Campaign for the University
Pedagogical Power Education students get a high-tech take on teaching, thanks to Buhl gift
At Pitts new football training facility on the South Side, Coach Walt Harris sits in a conference room with players, watching game footage on state-of-the-art video technology. Theyre analyzing plays, studying what happened, learning to become better players.
Alan Lesgold, dean of Pitts School of Education, thought it was high time to use that same pedagogical power to teach prospective teachers to hone their teaching skills. Now, thanks to a $650,000 capital campaign gift from the Buhl Foundation, those efforts have begun in the schools newly renovated and expanded Computer and Curriculum Inquiry Center (CCIC).
CCIC is the first of three computer labs to be completely refitted using funds from the Buhl Foundation. CCIC houses two computer clusters, where classes can be held, and a library. The main cluster features 32 new Macintosh G4s and three Gateway PCs, all with dual processors for video editing and the ability to produce single-copy DVDs. A smaller back lab, equipped with PCs, has comparable video-editing technology.
When we talk about multimedia capability, we mean more than words, says Susan Pittman, the schools director of technology and media services. We mean photographs, short movies, animation, interactive conferencing, digital editing, camcorder capability, special effects, zoom-in features, softening and sharpening focus, audio capability, music, titles. You can download files from the Web, record voice-overs, create your own movie, then take it home, play it on your VCR, even e-mail it.
The smaller facility is well suited to advanced methodology classes. A large SMART Board at the front of the room accepts commands from the podium console and also functions as a huge touch screen. Special pens enable the user to make notations directly on the screen pages. Then, unlike conventional boards, SMART Board technology allows the user to save the notes in HTML, post the files to a course Web page, and e-mail them to a distribution list.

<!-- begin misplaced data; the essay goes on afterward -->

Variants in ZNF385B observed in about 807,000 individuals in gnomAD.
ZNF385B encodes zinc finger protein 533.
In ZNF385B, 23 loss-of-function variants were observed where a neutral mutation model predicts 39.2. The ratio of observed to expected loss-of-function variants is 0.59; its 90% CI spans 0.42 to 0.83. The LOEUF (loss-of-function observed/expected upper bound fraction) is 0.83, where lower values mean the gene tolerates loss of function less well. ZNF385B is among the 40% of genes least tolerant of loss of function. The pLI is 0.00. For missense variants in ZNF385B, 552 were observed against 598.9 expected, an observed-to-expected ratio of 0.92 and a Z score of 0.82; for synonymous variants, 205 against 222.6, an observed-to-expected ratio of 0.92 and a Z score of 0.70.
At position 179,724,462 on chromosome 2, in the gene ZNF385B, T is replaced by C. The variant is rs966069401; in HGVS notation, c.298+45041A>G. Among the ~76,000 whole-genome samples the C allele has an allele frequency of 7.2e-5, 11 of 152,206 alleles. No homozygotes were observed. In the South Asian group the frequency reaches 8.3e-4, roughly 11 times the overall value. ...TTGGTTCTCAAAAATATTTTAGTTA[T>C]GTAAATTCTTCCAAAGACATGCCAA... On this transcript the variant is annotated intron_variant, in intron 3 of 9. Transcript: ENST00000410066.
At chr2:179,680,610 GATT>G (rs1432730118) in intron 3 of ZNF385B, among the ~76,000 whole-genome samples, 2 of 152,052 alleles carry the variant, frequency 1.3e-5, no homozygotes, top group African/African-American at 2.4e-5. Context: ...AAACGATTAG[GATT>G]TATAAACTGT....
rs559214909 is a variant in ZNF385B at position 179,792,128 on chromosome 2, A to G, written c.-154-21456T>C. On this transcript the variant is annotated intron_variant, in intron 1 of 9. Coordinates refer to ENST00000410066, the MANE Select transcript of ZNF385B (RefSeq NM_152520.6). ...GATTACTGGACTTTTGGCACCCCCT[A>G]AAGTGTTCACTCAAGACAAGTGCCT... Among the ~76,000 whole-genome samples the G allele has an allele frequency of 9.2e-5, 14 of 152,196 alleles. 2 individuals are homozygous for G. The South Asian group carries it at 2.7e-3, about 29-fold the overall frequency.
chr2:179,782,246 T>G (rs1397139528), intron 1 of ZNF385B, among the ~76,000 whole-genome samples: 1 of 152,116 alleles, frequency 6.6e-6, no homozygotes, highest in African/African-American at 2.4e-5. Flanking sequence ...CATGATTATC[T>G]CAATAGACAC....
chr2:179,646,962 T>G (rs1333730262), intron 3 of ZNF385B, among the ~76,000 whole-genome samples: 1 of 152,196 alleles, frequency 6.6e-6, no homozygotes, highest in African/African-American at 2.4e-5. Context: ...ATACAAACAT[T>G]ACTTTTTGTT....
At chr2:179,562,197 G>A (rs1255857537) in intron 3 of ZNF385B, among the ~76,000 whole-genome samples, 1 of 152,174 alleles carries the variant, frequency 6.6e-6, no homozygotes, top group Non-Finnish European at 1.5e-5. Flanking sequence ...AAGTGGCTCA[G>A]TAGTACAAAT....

Its been very clear to us, said Doreen Boyce, director of the Buhl Foundation, that there was a need to be sure that teachers are well prepared to employ technology for the enhancement of student learning. What may help slower-learning students may not be appropriate for high-performing students. Teachers need to learn to manage that difference to the benefit of each.
A student can now go out, use a low-end camera, take some video in a classroom situation, bring it back, and talk about it in class, Lesgold explains. A supervising teacher can film a teaching activity by one of our masters students or professional-year students. That way, student teachers can see their performance from their students point-of-view and assess whats workingand what could stand improvement. Funds from the grant will also support a substantial upgrade of the schools website and the creation of an archival database. Its essential that a school of education as distinguished as the University of Pittsburghs prepare their teachers with up-to-date technologies and teaching and learning techniques, Boyce commented. Im delighted that the school has taken on the challenge. And we, at the Buhl Foundation, are very proud to be partners in that challenge. Karen Levine
The Jurenko Effect Engineering alum provides computer engineering support
The Jurenko family must be a School of Engineering legend. Between 1956 and 1970, four Jurenko brothers completed bachelors degrees in electrical engineering at Pitt: Robert in 1970, Donald in 1963 (and a masters degree in 1966), David in 1960, and the eldest, John, in 1956. And today, thanks to John Jurenko, the Jurenko presence lives on.
After receiving his bachelors degree, he went to work for the government and electronics division of Philco in Philadelphia. There he worked up through the ranks from junior engineer to department manager in 1968. In 1969, he was co-founder and VP of engineering for II Corp. He left the company when it was acquired in 1972, joining Tele-Dynamics as marketing director. Three years later, in 1975, he joined Universal Data Systems (UDS) and led its sales force until 1986 (building sales from less than $1 million to more than $100 million a year). In 1986, he and six others founded Adtran Inc. The first few years were hard ones. The companys founders took no salaries and looked for no outside investment, insisting on supporting the venture themselves. Adtran is now a $460 million company that trades on the NASDAQ exchange, and Jurenko has retired.